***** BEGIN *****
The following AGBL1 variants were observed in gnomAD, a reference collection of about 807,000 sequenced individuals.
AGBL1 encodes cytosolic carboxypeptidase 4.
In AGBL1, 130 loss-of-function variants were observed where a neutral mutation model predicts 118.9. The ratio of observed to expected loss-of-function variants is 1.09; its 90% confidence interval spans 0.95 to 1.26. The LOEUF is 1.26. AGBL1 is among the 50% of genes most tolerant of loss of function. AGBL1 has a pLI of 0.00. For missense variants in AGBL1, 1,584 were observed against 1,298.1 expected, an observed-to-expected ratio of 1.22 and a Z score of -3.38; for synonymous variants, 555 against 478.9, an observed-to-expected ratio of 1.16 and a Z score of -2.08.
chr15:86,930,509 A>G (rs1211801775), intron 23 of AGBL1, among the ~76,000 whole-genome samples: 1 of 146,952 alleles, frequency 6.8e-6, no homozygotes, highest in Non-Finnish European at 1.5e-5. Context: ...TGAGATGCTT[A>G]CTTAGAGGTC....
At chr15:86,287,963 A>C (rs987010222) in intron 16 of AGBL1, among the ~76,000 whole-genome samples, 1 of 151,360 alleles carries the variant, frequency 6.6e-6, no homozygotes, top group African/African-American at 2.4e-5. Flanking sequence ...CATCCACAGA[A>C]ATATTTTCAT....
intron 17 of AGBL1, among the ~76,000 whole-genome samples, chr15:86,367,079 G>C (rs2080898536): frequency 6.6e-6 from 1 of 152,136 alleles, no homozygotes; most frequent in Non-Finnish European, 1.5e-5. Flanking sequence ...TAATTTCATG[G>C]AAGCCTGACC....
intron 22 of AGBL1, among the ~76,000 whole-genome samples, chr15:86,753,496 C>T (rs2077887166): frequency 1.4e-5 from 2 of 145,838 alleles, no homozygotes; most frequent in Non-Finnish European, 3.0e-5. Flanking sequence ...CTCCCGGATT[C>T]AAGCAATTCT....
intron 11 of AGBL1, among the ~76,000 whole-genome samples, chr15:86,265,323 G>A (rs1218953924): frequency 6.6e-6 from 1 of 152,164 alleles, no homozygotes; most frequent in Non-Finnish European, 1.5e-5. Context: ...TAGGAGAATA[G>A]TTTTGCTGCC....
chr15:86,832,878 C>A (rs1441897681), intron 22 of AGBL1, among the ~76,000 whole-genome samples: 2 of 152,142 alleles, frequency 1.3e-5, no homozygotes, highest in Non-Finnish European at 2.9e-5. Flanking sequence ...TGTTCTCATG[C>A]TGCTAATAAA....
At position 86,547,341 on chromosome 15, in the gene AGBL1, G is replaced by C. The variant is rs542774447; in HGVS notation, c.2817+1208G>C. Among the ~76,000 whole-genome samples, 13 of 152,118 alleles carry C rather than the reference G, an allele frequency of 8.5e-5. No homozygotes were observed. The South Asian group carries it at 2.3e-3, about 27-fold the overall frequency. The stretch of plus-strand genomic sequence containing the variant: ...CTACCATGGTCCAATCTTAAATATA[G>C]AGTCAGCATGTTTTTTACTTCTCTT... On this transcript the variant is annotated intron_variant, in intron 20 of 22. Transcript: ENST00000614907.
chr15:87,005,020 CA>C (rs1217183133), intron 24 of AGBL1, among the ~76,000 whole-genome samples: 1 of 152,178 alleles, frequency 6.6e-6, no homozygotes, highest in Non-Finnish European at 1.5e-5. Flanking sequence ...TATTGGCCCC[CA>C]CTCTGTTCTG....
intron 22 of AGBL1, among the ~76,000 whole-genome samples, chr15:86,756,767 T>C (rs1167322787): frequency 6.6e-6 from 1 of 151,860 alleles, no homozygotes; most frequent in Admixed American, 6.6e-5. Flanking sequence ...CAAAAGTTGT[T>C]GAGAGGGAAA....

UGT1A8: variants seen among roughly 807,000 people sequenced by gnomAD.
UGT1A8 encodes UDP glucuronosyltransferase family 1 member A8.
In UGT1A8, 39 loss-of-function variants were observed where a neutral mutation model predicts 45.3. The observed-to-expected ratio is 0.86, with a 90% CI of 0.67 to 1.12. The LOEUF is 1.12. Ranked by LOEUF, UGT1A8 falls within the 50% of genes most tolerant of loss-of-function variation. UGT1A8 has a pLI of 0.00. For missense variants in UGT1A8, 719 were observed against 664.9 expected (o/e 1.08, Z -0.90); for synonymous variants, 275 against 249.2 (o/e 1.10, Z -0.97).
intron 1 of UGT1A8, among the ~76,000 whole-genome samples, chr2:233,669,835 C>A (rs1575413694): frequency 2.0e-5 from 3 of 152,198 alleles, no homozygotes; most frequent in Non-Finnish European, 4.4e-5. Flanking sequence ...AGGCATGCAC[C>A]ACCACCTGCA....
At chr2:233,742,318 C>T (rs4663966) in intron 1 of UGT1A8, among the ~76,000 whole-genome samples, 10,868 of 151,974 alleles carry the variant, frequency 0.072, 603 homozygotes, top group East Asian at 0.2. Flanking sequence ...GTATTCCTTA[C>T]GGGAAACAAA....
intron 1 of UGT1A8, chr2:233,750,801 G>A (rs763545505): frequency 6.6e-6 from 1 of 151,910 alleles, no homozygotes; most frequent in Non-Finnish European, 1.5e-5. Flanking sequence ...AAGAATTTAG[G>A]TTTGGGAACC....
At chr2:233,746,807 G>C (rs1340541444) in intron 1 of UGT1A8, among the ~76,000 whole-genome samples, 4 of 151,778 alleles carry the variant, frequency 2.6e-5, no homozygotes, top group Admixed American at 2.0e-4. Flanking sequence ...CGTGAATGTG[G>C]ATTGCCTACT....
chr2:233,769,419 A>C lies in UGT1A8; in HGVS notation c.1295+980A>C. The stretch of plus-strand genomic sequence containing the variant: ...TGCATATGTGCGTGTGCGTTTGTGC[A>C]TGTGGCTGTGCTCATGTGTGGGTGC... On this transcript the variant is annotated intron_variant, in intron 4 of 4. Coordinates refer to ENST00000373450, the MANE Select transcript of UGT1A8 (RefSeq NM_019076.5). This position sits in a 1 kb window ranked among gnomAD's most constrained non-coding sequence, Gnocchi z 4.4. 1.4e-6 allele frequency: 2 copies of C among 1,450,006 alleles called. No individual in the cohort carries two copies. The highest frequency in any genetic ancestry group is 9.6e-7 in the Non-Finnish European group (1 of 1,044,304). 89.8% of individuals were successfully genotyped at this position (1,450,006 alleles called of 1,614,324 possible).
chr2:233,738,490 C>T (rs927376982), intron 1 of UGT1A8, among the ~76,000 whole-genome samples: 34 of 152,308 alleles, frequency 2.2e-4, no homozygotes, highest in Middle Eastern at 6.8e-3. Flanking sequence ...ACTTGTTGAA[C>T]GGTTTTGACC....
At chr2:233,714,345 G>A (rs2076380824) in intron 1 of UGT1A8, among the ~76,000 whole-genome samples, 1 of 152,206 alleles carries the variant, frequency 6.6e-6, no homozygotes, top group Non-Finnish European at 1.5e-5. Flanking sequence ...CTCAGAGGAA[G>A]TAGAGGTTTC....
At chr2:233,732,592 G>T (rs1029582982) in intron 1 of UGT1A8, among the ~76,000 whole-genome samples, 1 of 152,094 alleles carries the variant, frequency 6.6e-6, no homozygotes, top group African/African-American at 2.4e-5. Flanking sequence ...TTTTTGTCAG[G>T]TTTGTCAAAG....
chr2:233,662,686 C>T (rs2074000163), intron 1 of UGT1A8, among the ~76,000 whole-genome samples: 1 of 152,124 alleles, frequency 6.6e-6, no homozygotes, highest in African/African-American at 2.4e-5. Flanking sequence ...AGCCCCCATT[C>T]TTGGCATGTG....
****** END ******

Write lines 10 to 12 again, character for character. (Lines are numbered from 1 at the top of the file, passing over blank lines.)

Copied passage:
At position 86,547,341 on chromosome 15, in the gene AGBL1, G is replaced by C. The variant is rs542774447; in HGVS notation, c.2817+1208G>C. Among the ~76,000 whole-genome samples, 13 of 152,118 alleles carry C rather than the reference G, an allele frequency of 8.5e-5. No homozygotes were observed. The South Asian group carries it at 2.3e-3, about 27-fold the overall frequency. The stretch of plus-strand genomic sequence containing the variant: ...CTACCATGGTCCAATCTTAAATATA[G>C]AGTCAGCATGTTTTTTACTTCTCTT... On this transcript the variant is annotated intron_variant, in intron 20 of 22. Transcript: ENST00000614907.
chr15:87,005,020 CA>C (rs1217183133), intron 24 of AGBL1, among the ~76,000 whole-genome samples: 1 of 152,178 alleles, frequency 6.6e-6, no homozygotes, highest in Non-Finnish European at 1.5e-5. Flanking sequence ...TATTGGCCCC[CA>C]CTCTGTTCTG....
intron 22 of AGBL1, among the ~76,000 whole-genome samples, chr15:86,756,767 T>C (rs1167322787): frequency 6.6e-6 from 1 of 151,860 alleles, no homozygotes; most frequent in Admixed American, 6.6e-5. Flanking sequence ...CAAAAGTTGT[T>C]GAGAGGGAAA....